Port listening on Mac, Windows or Linux

From Wikichris
Revision as of 18:29, 28 April 2011 by Chris (talk | contribs) (moved Port listening on Mac OS X to Port listening on Mac, Windows or Linux)
(diff) ← Older revision | Latest revision (diff) | Newer revision → (diff)
Jump to: navigation, search

To know if a program is opening your computer to the network the easiest way is to check what ports are open and listening on your computer (Even if the firewall stop some of them).


Netstat is the command to use on linux, windows or Mac.

Find which program use a port


On Linux we use to see the Processes associated to a listening network port with the following command

netstat -p

I use to type the following line to know which process is listening on the port 123

netstat -pln | grep 123

He is an example on Debian Squeeze

# netstat -pln 
Proto Recv-Q Send-Q Local Address           Foreign Address         State       PID/Program name
tcp        0      0    *               LISTEN      1084/master     
tcp        0      0    *               LISTEN      715/sshd        
tcp        0      0*               LISTEN      1307/mysqld     
tcp6       0      0 :::443                  :::*                    LISTEN      14887/apache2   
tcp6       0      0 :::22                   :::*                    LISTEN      715/sshd        
tcp6       0      0 :::80                   :::*                    LISTEN      14887/apache2


On Windows it's

netstat -o

You'll get the PID. But to find which program is using this PID

Task Manage > Processes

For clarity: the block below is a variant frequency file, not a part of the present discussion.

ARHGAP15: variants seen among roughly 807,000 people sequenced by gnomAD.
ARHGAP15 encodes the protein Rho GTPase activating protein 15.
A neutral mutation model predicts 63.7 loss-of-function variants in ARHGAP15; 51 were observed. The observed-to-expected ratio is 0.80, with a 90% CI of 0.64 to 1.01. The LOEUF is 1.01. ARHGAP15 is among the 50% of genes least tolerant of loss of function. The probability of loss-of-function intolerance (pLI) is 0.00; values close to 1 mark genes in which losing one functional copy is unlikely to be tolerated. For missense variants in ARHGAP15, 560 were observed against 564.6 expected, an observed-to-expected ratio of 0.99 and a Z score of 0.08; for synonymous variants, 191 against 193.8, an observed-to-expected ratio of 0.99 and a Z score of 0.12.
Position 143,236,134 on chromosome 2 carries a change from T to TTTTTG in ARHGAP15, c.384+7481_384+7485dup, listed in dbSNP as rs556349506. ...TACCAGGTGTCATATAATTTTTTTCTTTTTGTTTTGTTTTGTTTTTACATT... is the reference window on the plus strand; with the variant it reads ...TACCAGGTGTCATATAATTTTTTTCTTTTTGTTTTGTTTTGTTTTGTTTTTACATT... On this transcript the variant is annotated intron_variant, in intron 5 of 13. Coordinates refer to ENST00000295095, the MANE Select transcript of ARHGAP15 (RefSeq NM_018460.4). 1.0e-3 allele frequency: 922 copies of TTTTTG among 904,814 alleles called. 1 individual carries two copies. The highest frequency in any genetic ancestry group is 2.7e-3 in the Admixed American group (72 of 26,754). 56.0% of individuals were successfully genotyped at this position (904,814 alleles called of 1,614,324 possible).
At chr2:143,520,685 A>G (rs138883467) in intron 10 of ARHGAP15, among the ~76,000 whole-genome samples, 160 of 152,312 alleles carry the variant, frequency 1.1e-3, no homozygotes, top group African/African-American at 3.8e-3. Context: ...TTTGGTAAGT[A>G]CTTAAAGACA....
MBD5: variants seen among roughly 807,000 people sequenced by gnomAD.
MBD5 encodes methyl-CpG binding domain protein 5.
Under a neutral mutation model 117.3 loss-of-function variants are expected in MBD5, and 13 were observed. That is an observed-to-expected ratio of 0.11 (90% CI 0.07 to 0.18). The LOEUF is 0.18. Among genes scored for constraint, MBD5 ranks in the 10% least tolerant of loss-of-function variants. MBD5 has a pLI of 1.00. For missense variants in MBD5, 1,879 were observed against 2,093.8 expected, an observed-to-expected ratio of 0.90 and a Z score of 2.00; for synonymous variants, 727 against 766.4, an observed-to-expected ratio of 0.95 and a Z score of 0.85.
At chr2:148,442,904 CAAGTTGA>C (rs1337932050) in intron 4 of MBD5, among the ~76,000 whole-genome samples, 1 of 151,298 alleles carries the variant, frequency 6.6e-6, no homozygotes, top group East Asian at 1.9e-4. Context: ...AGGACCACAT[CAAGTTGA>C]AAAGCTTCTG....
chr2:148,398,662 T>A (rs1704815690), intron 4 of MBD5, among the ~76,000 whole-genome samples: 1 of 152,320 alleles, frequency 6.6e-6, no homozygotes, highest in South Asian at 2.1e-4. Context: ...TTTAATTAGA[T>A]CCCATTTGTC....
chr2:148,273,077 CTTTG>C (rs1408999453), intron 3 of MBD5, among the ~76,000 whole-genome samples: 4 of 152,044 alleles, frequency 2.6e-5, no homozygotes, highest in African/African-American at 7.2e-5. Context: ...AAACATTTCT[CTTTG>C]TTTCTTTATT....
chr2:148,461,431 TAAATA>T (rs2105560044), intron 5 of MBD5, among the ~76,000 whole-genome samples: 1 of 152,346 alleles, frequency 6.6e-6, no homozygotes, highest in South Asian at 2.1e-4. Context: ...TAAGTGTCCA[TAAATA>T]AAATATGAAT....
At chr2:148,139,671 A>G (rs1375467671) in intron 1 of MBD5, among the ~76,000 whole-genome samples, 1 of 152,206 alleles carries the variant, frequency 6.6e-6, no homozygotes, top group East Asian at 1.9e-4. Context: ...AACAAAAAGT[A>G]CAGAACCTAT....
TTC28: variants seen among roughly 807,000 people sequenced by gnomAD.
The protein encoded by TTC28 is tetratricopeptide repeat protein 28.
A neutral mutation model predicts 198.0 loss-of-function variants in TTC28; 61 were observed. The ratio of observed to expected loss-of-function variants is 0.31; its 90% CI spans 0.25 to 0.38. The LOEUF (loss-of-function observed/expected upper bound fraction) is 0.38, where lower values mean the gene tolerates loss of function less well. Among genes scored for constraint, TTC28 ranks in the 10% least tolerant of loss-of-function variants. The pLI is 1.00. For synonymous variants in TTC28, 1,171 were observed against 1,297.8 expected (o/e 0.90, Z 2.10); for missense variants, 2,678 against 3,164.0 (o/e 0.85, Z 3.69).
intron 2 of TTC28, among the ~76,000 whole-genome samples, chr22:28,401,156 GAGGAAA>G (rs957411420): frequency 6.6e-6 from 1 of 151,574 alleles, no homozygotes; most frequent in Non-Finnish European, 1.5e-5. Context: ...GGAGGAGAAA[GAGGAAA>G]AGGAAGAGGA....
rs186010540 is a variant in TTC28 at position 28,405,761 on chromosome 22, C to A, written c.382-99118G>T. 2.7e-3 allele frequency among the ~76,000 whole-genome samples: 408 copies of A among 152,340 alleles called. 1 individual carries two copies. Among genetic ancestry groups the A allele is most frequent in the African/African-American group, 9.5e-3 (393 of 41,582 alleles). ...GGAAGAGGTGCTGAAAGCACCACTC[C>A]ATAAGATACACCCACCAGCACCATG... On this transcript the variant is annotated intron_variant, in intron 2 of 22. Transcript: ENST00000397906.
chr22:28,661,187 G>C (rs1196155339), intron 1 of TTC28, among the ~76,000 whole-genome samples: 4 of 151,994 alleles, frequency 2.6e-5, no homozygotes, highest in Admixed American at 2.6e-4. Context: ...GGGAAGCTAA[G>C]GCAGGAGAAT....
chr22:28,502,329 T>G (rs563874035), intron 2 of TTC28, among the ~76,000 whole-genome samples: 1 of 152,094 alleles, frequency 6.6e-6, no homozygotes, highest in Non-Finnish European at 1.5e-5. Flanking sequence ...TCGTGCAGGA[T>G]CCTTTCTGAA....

Them go into the Menu bar

View > Select Columns... > PID

Mac OS X

Sadly on Mac OS X this option doesn't exist. The equivalent will be

sudo lsof -P

So we can imagine that we need to know which program dare listening on port 123

sudo lsof -Pn | grep 123

You will see something like that:

ntpd         21           root   20u     IPv4 0x0899ace4        0t0      UDP *:123
ntpd         21           root   21u     IPv6 0x0899ac08        0t0      UDP *:123
ntpd         21           root   22u     IPv6 0x0899baa4        0t0      UDP [::1]:123
ntpd         21           root   23u     IPv6 0x0899b8ec        0t0      UDP [fe80:1::1]:123
ntpd         21           root   24u     IPv4 0x0899b810        0t0      UDP
ntpd         21           root   25u     IPv6 0x098b5658        0t0      UDP [fe80:4::cabc:c8ff:fe90:6472]:123
ntpd         21           root   27u     IPv6 0x098b5b80        0t0      UDP [2002:3ba7:d4b1::cabc:c8ff:fe90:6472]:123
ntpd         21           root   28u     IPv4 0x15463370        0t0      UDP
ntpd         21           root   30u     IPv6 0x15464b80        0t0      UDP [2002:3ba7:d4b1::c3e:e29a:8de6:68cc]:123

So it was the NTP Daemon with the process ID 21.... petit coquin !